Social media: Converting likes into self-esteem

Josette Corazza, Opinions Writer

We pull up Instagram while we’re waiting in line for Hillel, check Facebook notifications under our desks and talk about trending tweets with our friends. Social media is a huge part of our lives, but do we often consider how it is impacting our self-esteem?

I know that I feel disappointed when an Instagram post doesn’t do as well as I had hoped. We certainly wouldn’t mind how our posts performed if we were social networking within a void. But the constant comparison of our likes and shares to those of others’ posts is not good for our self-confidence.

According to The Huffington Post, social media has been linked to higher levels of loneliness, envy, anxiety, depression, and narcissism. In a poll run by the website, 60 percent of active social media users reported that using social media has impacted their self-esteem in a negative way.

A study conducted by the University of California, Los Angeles, scanned young adults’ brains while they used social media. Researchers found that the same brain circuits activated by eating chocolate and winning money are activated when young adults see large numbers of “likes” on their photos in a social network.

In the study, researchers analyzed the participants’ brain activity using functional magnetic resonance imaging (fMRI). When participants saw that their own photos had garnered a large amount of likes, researches saw activity across a wide variety of regions in the brain. A region especially active was the nucleus accumbens, a part of the brain’s reward circuitry, which is thought to be particularly sensitive during adolescence.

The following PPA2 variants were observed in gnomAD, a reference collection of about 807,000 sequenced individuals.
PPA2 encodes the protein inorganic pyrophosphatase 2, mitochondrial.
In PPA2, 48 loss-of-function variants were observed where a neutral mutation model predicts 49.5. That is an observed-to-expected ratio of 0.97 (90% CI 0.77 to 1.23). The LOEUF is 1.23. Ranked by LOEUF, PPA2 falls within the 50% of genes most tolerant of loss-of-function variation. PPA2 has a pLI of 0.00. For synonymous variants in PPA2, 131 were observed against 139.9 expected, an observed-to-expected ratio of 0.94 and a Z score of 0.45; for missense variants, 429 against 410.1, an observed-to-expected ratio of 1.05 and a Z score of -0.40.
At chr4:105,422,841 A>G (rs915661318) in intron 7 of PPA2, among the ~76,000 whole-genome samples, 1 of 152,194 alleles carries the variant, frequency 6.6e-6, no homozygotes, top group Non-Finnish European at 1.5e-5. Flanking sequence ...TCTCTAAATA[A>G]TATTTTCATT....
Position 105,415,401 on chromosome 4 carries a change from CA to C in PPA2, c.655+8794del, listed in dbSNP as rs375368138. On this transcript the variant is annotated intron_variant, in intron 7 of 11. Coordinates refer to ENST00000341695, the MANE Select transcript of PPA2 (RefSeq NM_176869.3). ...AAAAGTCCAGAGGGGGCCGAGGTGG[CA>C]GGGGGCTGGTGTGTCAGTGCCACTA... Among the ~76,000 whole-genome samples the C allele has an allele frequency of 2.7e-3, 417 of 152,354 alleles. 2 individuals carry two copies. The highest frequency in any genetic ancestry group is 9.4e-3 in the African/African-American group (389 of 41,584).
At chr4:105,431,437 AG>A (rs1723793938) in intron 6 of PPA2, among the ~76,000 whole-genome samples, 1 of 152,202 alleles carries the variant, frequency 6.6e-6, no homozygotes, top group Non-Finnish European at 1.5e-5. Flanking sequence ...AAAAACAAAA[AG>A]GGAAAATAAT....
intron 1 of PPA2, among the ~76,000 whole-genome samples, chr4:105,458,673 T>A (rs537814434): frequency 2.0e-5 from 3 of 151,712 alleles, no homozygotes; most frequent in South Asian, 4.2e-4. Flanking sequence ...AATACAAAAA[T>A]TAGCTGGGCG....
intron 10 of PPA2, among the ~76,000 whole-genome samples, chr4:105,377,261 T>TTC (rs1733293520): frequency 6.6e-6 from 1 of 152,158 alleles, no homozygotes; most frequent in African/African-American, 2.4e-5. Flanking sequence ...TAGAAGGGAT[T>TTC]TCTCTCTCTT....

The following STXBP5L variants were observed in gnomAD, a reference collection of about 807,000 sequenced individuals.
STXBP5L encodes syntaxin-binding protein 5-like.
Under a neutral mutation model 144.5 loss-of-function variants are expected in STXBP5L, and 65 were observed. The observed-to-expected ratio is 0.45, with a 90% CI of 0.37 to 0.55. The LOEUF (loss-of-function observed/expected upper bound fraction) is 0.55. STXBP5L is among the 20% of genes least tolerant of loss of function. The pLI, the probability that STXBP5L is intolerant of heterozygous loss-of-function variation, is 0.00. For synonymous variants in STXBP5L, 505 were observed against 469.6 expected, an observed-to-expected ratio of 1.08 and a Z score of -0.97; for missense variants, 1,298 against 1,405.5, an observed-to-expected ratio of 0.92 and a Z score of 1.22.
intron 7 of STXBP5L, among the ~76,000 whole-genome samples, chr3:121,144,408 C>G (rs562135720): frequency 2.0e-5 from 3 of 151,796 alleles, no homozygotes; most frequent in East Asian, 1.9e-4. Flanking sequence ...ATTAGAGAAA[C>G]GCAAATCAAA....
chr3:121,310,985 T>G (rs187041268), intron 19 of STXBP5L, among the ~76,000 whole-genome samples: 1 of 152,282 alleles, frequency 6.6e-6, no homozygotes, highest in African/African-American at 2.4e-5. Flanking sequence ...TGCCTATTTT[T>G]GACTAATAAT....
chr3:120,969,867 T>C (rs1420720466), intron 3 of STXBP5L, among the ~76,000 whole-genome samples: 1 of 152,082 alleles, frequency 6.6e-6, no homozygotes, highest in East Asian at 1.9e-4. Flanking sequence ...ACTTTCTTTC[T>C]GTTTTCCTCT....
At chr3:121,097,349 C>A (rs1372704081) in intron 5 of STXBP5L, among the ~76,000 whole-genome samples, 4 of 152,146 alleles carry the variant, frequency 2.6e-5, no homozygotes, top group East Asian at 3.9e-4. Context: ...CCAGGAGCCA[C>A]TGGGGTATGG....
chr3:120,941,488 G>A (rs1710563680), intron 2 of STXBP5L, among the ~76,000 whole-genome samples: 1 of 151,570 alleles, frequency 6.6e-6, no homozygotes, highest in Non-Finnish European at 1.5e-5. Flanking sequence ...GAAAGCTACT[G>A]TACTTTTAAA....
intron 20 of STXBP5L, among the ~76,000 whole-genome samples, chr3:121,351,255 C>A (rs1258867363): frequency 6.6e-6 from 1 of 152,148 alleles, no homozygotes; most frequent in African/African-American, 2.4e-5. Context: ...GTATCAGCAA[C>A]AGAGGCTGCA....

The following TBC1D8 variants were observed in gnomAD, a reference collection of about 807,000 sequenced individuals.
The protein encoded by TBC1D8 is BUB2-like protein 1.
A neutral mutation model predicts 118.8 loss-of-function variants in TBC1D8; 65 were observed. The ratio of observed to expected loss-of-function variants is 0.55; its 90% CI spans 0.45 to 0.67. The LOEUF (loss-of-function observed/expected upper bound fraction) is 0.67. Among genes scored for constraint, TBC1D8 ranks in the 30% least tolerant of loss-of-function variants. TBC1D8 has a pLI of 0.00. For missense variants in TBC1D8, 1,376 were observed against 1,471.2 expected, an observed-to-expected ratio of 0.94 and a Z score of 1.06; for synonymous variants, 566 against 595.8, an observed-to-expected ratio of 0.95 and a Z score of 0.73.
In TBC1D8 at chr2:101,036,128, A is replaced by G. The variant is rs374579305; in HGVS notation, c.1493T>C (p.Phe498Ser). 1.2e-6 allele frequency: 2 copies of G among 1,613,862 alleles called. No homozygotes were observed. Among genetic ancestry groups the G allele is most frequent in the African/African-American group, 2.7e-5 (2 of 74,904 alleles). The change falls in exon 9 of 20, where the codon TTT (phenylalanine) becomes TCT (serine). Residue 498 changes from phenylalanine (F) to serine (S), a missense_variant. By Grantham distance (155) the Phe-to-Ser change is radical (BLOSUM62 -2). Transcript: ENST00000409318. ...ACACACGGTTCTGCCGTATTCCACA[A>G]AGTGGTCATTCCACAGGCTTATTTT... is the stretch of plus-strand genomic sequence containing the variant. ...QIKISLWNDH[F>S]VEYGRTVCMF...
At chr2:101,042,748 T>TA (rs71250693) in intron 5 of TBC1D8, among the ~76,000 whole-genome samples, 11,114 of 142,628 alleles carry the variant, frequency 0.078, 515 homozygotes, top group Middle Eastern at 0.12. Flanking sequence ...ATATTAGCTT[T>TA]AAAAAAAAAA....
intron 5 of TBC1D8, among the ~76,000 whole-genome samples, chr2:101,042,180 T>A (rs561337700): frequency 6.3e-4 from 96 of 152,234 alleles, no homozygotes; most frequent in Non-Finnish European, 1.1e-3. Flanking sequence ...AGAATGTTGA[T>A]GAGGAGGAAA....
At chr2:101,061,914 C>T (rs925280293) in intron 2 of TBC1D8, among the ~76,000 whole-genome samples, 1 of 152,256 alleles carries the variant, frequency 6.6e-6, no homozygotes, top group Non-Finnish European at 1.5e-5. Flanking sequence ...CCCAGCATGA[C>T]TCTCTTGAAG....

Researchers at the University of Toledo established that people have a lower state of self-esteem and marginally poorer relative self-evaluations after exposure to an upward comparison target (such as an account promoting health and fitness) than a downward comparison target. Thus, viewing positive-content social media profiles with lots of likes was associated with viewers having poorer self-esteem and relative self-evaluations.

Furthermore, a study by researchers at the University of Notre Dame exemplified that students who use social media with the intention of enhancing their self-image are at risk of lowering not only their self-esteem but also their overall satisfaction with life. The evidence of this relation is rooted in the sample data of the study’s research, in which analysis showed that self-esteem is strongly positively associated with satisfaction with life.

Gauging your “likes” and comparing yourself to others on social media won’t just lower your self-esteem, but will also be detrimental to your overall happiness. In times when your contentment is already at a slight risk–for example, Finals Week– you should consider taking a break from social media. You will likely feel your self-esteem rising, as you cut back on virtual comparison to others. While on your social media break, try giving some compliments in person to give peers a boost of “IRL” self-confidence.